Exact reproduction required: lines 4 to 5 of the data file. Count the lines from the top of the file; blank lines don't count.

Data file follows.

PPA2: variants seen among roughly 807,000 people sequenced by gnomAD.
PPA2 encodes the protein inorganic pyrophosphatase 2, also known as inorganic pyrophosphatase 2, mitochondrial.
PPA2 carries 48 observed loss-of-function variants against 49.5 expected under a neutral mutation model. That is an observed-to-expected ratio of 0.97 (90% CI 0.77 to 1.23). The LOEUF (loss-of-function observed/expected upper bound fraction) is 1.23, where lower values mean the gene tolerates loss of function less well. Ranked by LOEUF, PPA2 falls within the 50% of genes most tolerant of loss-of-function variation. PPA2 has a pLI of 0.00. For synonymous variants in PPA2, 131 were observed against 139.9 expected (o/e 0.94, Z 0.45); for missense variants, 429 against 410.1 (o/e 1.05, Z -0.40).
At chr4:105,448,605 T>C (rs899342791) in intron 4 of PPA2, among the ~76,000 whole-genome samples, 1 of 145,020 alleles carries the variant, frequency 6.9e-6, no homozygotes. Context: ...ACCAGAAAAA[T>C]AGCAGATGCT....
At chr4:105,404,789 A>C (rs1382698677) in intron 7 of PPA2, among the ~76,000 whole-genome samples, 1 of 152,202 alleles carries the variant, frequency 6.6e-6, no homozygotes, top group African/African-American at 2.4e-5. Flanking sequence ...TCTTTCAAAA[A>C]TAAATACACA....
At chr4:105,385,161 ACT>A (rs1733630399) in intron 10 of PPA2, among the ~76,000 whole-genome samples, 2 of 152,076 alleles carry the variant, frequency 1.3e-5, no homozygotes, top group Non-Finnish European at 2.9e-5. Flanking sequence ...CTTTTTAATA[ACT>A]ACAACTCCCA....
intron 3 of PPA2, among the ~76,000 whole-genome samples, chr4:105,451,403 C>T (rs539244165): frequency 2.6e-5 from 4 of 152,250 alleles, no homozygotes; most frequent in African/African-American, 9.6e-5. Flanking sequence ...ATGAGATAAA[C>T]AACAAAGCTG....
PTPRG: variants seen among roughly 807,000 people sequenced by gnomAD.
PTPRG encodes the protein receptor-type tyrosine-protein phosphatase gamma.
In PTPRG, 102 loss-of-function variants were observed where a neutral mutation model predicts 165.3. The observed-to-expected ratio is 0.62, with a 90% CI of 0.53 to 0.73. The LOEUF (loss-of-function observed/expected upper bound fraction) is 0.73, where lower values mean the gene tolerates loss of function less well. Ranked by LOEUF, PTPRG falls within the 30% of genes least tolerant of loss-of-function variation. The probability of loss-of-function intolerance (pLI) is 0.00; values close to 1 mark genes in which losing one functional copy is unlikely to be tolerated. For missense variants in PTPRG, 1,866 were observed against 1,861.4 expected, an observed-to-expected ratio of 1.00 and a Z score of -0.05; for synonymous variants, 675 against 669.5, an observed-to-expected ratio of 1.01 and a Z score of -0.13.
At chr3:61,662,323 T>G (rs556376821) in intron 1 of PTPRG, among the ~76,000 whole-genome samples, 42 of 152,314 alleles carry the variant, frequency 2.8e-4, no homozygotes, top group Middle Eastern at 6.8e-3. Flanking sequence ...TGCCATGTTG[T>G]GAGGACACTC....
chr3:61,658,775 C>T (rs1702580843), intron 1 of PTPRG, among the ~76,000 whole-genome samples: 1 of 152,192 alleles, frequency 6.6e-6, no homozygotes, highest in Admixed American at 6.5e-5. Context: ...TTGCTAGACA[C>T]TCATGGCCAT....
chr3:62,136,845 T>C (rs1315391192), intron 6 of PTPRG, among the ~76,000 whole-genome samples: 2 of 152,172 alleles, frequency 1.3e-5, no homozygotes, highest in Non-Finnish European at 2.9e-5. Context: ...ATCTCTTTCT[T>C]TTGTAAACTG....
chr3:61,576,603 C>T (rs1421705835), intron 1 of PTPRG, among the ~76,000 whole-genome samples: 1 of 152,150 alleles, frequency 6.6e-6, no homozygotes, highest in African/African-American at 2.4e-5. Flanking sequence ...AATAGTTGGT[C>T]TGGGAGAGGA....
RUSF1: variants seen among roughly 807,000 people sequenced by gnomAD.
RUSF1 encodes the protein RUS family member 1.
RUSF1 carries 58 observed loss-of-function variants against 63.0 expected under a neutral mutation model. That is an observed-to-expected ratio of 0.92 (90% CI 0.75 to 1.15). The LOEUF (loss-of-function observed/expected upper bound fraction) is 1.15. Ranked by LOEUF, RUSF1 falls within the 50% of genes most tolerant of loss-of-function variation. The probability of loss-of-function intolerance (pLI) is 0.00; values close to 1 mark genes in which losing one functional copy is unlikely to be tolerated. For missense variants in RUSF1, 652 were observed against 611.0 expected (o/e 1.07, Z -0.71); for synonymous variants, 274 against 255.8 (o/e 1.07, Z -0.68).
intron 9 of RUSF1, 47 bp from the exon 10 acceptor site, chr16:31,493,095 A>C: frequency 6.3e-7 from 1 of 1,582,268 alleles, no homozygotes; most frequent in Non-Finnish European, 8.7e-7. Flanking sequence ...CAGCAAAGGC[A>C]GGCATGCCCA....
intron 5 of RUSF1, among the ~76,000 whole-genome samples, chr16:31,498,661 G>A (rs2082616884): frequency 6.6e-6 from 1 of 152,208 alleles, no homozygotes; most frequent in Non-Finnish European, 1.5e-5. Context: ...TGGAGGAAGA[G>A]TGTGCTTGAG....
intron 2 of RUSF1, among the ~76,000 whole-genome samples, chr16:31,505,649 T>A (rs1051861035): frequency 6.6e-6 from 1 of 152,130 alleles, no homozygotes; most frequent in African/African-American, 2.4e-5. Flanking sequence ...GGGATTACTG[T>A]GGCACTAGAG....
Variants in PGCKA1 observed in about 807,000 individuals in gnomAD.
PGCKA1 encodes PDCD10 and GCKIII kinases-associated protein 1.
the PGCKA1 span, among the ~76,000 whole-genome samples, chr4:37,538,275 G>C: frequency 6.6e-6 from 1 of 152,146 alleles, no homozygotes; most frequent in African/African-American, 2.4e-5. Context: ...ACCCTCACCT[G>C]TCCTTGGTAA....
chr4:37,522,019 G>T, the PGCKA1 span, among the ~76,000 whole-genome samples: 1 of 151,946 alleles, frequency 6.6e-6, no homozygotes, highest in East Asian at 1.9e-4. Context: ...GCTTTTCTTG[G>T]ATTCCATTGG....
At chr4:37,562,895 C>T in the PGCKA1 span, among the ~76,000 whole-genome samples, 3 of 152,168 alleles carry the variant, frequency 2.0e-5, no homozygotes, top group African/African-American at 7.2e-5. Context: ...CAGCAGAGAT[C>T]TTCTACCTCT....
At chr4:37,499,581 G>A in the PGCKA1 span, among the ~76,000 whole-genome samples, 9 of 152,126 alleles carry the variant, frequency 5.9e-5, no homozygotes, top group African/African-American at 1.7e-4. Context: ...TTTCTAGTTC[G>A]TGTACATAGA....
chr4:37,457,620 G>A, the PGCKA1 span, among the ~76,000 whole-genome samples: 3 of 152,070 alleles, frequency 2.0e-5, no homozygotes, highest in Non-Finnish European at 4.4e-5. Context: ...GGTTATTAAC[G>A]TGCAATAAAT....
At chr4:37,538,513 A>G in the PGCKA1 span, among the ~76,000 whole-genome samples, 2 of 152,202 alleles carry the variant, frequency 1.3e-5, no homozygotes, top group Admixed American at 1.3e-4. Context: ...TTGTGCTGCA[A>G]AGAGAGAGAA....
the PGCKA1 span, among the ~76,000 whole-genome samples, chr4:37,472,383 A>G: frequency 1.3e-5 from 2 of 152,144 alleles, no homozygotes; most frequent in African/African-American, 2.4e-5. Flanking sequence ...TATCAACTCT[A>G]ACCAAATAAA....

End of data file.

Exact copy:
At chr4:105,448,605 T>C (rs899342791) in intron 4 of PPA2, among the ~76,000 whole-genome samples, 1 of 145,020 alleles carries the variant, frequency 6.9e-6, no homozygotes. Context: ...ACCAGAAAAA[T>C]AGCAGATGCT....
At chr4:105,404,789 A>C (rs1382698677) in intron 7 of PPA2, among the ~76,000 whole-genome samples, 1 of 152,202 alleles carries the variant, frequency 6.6e-6, no homozygotes, top group African/African-American at 2.4e-5. Flanking sequence ...TCTTTCAAAA[A>C]TAAATACACA....